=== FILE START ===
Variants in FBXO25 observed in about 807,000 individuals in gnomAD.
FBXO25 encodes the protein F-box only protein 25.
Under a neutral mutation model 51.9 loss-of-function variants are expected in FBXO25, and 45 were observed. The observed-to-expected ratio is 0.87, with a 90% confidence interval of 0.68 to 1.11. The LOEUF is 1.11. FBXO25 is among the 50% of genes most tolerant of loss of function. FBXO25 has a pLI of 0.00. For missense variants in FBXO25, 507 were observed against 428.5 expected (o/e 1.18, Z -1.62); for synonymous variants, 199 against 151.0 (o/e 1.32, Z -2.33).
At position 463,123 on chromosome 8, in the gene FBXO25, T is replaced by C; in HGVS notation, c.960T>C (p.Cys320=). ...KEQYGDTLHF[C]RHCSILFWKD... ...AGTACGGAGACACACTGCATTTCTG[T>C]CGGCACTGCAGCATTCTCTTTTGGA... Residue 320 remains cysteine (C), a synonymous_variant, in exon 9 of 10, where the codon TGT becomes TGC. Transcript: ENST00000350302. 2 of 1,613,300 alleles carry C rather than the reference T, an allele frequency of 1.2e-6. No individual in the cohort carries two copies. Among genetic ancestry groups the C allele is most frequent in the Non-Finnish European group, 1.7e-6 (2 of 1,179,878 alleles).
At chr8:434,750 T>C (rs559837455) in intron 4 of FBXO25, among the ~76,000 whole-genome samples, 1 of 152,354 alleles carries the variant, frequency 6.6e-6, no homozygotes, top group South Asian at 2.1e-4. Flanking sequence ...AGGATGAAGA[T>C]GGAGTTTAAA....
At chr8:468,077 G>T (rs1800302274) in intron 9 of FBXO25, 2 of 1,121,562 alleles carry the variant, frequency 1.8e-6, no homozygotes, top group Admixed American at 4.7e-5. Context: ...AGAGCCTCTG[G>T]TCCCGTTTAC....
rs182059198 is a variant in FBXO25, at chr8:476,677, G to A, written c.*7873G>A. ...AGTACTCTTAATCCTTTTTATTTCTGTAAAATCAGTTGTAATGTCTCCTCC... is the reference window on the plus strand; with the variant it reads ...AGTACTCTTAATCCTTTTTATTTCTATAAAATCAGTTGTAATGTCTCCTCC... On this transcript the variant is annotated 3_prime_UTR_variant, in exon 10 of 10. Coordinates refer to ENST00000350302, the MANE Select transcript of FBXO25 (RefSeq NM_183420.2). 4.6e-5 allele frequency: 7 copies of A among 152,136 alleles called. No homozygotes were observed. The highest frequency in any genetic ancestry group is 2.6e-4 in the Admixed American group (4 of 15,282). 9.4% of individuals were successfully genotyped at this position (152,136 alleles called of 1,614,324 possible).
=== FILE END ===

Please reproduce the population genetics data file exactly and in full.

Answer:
Variants in FBXO25 observed in about 807,000 individuals in gnomAD.
FBXO25 encodes the protein F-box only protein 25.
Under a neutral mutation model 51.9 loss-of-function variants are expected in FBXO25, and 45 were observed. The observed-to-expected ratio is 0.87, with a 90% confidence interval of 0.68 to 1.11. The LOEUF is 1.11. FBXO25 is among the 50% of genes most tolerant of loss of function. FBXO25 has a pLI of 0.00. For missense variants in FBXO25, 507 were observed against 428.5 expected (o/e 1.18, Z -1.62); for synonymous variants, 199 against 151.0 (o/e 1.32, Z -2.33).
At position 463,123 on chromosome 8, in the gene FBXO25, T is replaced by C; in HGVS notation, c.960T>C (p.Cys320=). ...KEQYGDTLHF[C]RHCSILFWKD... ...AGTACGGAGACACACTGCATTTCTG[T>C]CGGCACTGCAGCATTCTCTTTTGGA... Residue 320 remains cysteine (C), a synonymous_variant, in exon 9 of 10, where the codon TGT becomes TGC. Transcript: ENST00000350302. 2 of 1,613,300 alleles carry C rather than the reference T, an allele frequency of 1.2e-6. No individual in the cohort carries two copies. Among genetic ancestry groups the C allele is most frequent in the Non-Finnish European group, 1.7e-6 (2 of 1,179,878 alleles).
At chr8:434,750 T>C (rs559837455) in intron 4 of FBXO25, among the ~76,000 whole-genome samples, 1 of 152,354 alleles carries the variant, frequency 6.6e-6, no homozygotes, top group South Asian at 2.1e-4. Flanking sequence ...AGGATGAAGA[T>C]GGAGTTTAAA....
At chr8:468,077 G>T (rs1800302274) in intron 9 of FBXO25, 2 of 1,121,562 alleles carry the variant, frequency 1.8e-6, no homozygotes, top group Admixed American at 4.7e-5. Context: ...AGAGCCTCTG[G>T]TCCCGTTTAC....
rs182059198 is a variant in FBXO25, at chr8:476,677, G to A, written c.*7873G>A. ...AGTACTCTTAATCCTTTTTATTTCTGTAAAATCAGTTGTAATGTCTCCTCC... is the reference window on the plus strand; with the variant it reads ...AGTACTCTTAATCCTTTTTATTTCTATAAAATCAGTTGTAATGTCTCCTCC... On this transcript the variant is annotated 3_prime_UTR_variant, in exon 10 of 10. Coordinates refer to ENST00000350302, the MANE Select transcript of FBXO25 (RefSeq NM_183420.2). 4.6e-5 allele frequency: 7 copies of A among 152,136 alleles called. No homozygotes were observed. The highest frequency in any genetic ancestry group is 2.6e-4 in the Admixed American group (4 of 15,282). 9.4% of individuals were successfully genotyped at this position (152,136 alleles called of 1,614,324 possible).